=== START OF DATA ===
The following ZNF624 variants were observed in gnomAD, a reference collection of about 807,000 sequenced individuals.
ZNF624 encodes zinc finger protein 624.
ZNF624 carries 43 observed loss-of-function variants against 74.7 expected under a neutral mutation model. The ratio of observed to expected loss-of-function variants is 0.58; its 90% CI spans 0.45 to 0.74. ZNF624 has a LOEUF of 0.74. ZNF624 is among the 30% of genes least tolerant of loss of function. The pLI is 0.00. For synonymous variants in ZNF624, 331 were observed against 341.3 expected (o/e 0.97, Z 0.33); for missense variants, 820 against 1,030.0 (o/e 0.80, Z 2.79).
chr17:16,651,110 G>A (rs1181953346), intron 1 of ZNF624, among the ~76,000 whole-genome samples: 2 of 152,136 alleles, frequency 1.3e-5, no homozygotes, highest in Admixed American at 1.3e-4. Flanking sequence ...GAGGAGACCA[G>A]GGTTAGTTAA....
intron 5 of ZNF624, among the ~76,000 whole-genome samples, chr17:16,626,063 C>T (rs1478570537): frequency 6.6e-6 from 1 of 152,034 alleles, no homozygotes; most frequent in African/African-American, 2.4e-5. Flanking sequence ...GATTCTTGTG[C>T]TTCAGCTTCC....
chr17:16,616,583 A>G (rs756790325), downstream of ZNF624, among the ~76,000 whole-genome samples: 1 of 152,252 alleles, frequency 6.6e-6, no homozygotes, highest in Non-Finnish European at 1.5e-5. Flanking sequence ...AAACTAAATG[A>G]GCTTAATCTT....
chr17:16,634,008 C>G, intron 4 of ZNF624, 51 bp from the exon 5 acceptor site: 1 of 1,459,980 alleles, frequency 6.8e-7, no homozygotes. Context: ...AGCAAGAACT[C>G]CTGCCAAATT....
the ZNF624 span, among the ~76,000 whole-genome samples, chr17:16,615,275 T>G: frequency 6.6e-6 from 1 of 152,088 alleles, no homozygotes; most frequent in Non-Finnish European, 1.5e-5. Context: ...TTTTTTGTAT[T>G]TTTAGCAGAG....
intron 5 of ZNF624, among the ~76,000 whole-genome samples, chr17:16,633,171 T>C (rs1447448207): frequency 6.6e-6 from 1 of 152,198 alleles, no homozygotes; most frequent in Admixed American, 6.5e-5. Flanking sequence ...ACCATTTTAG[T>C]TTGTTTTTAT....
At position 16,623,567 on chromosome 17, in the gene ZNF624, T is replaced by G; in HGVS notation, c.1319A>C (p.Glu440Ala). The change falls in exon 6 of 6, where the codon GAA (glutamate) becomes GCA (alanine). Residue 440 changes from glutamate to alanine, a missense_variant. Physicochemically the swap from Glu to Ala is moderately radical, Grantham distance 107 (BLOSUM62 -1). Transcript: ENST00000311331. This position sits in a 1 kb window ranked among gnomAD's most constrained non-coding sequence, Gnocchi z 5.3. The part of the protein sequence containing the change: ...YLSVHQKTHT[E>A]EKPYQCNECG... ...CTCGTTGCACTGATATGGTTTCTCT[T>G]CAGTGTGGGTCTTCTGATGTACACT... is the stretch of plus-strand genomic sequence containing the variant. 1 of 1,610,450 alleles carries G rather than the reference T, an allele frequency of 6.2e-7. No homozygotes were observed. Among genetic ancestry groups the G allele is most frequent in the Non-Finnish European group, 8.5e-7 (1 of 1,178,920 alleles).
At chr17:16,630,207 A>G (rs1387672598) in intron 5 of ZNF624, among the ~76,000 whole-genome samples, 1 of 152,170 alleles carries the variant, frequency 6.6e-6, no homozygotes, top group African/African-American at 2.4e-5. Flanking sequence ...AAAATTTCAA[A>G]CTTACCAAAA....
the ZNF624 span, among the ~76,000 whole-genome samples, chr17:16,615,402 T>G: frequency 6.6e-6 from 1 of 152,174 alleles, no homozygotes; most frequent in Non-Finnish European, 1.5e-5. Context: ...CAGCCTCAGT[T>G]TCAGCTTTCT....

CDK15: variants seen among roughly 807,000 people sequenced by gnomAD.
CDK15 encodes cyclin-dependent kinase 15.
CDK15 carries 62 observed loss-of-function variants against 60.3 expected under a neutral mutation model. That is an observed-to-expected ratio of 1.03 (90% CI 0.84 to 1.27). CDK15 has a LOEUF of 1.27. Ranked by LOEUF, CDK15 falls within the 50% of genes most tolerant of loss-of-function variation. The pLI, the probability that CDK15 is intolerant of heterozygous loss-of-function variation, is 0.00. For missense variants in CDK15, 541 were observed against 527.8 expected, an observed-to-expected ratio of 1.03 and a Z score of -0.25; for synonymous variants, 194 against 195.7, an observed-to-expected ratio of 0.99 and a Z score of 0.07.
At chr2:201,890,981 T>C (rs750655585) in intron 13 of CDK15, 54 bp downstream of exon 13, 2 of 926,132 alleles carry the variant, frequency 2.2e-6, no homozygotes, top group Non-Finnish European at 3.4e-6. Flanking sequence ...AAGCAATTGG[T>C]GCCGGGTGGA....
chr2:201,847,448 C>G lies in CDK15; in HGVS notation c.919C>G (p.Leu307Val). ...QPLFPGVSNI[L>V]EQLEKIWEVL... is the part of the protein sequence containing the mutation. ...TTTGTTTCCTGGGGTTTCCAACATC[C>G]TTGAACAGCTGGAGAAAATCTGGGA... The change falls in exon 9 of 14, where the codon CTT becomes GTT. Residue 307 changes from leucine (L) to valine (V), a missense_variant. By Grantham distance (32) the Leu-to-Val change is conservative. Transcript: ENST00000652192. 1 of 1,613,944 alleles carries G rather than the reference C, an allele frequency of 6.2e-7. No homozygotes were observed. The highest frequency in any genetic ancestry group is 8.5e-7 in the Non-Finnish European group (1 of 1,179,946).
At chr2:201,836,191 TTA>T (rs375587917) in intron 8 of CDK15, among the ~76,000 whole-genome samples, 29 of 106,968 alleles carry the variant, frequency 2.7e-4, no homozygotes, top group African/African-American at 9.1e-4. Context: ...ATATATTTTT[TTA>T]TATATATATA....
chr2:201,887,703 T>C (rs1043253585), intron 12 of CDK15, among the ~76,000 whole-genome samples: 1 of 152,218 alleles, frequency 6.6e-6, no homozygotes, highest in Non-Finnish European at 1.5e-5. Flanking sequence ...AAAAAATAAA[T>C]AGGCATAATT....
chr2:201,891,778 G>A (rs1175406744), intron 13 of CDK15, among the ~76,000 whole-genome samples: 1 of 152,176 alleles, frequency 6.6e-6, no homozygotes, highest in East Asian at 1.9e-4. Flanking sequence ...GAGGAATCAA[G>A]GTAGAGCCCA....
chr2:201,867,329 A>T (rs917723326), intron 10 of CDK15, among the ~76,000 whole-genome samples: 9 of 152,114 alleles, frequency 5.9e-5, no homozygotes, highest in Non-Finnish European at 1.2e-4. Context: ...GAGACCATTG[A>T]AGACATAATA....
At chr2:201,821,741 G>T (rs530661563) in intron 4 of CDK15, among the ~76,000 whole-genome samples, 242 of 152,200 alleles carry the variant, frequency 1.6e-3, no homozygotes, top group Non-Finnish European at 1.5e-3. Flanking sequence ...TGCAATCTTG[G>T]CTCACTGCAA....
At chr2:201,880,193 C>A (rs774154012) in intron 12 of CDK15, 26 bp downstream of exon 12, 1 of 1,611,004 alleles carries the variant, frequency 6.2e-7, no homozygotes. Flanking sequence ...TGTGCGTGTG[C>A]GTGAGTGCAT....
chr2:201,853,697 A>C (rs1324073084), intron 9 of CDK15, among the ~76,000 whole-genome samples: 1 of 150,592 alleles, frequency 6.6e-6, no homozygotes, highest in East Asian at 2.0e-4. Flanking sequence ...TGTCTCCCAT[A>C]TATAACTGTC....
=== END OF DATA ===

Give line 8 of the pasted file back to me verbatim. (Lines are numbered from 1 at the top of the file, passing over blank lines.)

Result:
the ZNF624 span, among the ~76,000 whole-genome samples, chr17:16,615,275 T>G: frequency 6.6e-6 from 1 of 152,088 alleles, no homozygotes; most frequent in Non-Finnish European, 1.5e-5. Context: ...TTTTTTGTAT[T>G]TTTAGCAGAG....